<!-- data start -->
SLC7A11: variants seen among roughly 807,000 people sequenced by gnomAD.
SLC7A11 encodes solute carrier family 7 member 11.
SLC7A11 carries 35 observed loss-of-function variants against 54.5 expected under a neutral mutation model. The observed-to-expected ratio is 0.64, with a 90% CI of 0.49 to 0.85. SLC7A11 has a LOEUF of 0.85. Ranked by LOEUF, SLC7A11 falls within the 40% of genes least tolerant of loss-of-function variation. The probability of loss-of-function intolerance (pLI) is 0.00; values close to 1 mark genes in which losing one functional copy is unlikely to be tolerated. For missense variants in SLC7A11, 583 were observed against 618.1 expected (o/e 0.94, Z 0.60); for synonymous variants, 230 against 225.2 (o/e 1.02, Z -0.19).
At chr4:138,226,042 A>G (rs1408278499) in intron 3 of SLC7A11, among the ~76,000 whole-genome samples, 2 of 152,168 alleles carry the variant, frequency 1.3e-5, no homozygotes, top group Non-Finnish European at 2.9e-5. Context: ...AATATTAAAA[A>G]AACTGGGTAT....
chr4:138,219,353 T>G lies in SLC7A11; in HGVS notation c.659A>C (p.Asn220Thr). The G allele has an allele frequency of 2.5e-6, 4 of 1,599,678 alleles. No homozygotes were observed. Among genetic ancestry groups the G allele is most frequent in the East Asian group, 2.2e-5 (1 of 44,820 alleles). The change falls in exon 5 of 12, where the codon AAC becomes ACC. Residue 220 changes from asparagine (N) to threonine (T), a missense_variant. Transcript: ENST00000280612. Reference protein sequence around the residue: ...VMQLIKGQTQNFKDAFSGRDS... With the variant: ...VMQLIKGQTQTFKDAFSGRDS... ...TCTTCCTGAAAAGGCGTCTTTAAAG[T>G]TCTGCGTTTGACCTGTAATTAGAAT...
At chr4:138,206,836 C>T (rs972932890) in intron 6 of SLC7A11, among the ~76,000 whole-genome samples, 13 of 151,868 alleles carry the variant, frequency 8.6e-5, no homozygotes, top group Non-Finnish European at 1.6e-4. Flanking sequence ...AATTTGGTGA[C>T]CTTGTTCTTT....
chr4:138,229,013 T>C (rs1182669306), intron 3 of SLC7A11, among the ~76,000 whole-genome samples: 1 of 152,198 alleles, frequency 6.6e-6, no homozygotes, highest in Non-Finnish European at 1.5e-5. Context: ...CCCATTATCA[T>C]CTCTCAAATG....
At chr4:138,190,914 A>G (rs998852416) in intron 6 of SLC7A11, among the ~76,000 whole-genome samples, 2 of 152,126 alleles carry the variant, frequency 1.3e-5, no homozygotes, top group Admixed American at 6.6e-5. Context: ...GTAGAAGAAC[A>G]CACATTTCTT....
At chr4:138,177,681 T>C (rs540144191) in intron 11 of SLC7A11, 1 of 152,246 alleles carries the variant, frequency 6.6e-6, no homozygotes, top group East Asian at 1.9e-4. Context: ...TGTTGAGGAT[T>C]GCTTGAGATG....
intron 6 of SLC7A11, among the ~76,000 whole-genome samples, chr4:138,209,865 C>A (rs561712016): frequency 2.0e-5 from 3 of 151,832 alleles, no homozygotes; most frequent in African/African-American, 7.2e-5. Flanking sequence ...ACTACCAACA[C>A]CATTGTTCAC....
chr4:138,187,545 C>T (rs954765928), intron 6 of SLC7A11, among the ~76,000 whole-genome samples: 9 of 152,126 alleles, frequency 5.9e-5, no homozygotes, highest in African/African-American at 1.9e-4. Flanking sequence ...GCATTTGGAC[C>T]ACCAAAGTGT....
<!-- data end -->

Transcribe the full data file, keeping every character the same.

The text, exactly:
SLC7A11: variants seen among roughly 807,000 people sequenced by gnomAD.
SLC7A11 encodes solute carrier family 7 member 11.
SLC7A11 carries 35 observed loss-of-function variants against 54.5 expected under a neutral mutation model. The observed-to-expected ratio is 0.64, with a 90% CI of 0.49 to 0.85. SLC7A11 has a LOEUF of 0.85. Ranked by LOEUF, SLC7A11 falls within the 40% of genes least tolerant of loss-of-function variation. The probability of loss-of-function intolerance (pLI) is 0.00; values close to 1 mark genes in which losing one functional copy is unlikely to be tolerated. For missense variants in SLC7A11, 583 were observed against 618.1 expected (o/e 0.94, Z 0.60); for synonymous variants, 230 against 225.2 (o/e 1.02, Z -0.19).
At chr4:138,226,042 A>G (rs1408278499) in intron 3 of SLC7A11, among the ~76,000 whole-genome samples, 2 of 152,168 alleles carry the variant, frequency 1.3e-5, no homozygotes, top group Non-Finnish European at 2.9e-5. Context: ...AATATTAAAA[A>G]AACTGGGTAT....
chr4:138,219,353 T>G lies in SLC7A11; in HGVS notation c.659A>C (p.Asn220Thr). The G allele has an allele frequency of 2.5e-6, 4 of 1,599,678 alleles. No homozygotes were observed. Among genetic ancestry groups the G allele is most frequent in the East Asian group, 2.2e-5 (1 of 44,820 alleles). The change falls in exon 5 of 12, where the codon AAC becomes ACC. Residue 220 changes from asparagine (N) to threonine (T), a missense_variant. Transcript: ENST00000280612. Reference protein sequence around the residue: ...VMQLIKGQTQNFKDAFSGRDS... With the variant: ...VMQLIKGQTQTFKDAFSGRDS... ...TCTTCCTGAAAAGGCGTCTTTAAAG[T>G]TCTGCGTTTGACCTGTAATTAGAAT...
At chr4:138,206,836 C>T (rs972932890) in intron 6 of SLC7A11, among the ~76,000 whole-genome samples, 13 of 151,868 alleles carry the variant, frequency 8.6e-5, no homozygotes, top group Non-Finnish European at 1.6e-4. Flanking sequence ...AATTTGGTGA[C>T]CTTGTTCTTT....
chr4:138,229,013 T>C (rs1182669306), intron 3 of SLC7A11, among the ~76,000 whole-genome samples: 1 of 152,198 alleles, frequency 6.6e-6, no homozygotes, highest in Non-Finnish European at 1.5e-5. Context: ...CCCATTATCA[T>C]CTCTCAAATG....
At chr4:138,190,914 A>G (rs998852416) in intron 6 of SLC7A11, among the ~76,000 whole-genome samples, 2 of 152,126 alleles carry the variant, frequency 1.3e-5, no homozygotes, top group Admixed American at 6.6e-5. Context: ...GTAGAAGAAC[A>G]CACATTTCTT....
At chr4:138,177,681 T>C (rs540144191) in intron 11 of SLC7A11, 1 of 152,246 alleles carries the variant, frequency 6.6e-6, no homozygotes, top group East Asian at 1.9e-4. Context: ...TGTTGAGGAT[T>C]GCTTGAGATG....
intron 6 of SLC7A11, among the ~76,000 whole-genome samples, chr4:138,209,865 C>A (rs561712016): frequency 2.0e-5 from 3 of 151,832 alleles, no homozygotes; most frequent in African/African-American, 7.2e-5. Flanking sequence ...ACTACCAACA[C>A]CATTGTTCAC....
chr4:138,187,545 C>T (rs954765928), intron 6 of SLC7A11, among the ~76,000 whole-genome samples: 9 of 152,126 alleles, frequency 5.9e-5, no homozygotes, highest in African/African-American at 1.9e-4. Flanking sequence ...GCATTTGGAC[C>T]ACCAAAGTGT....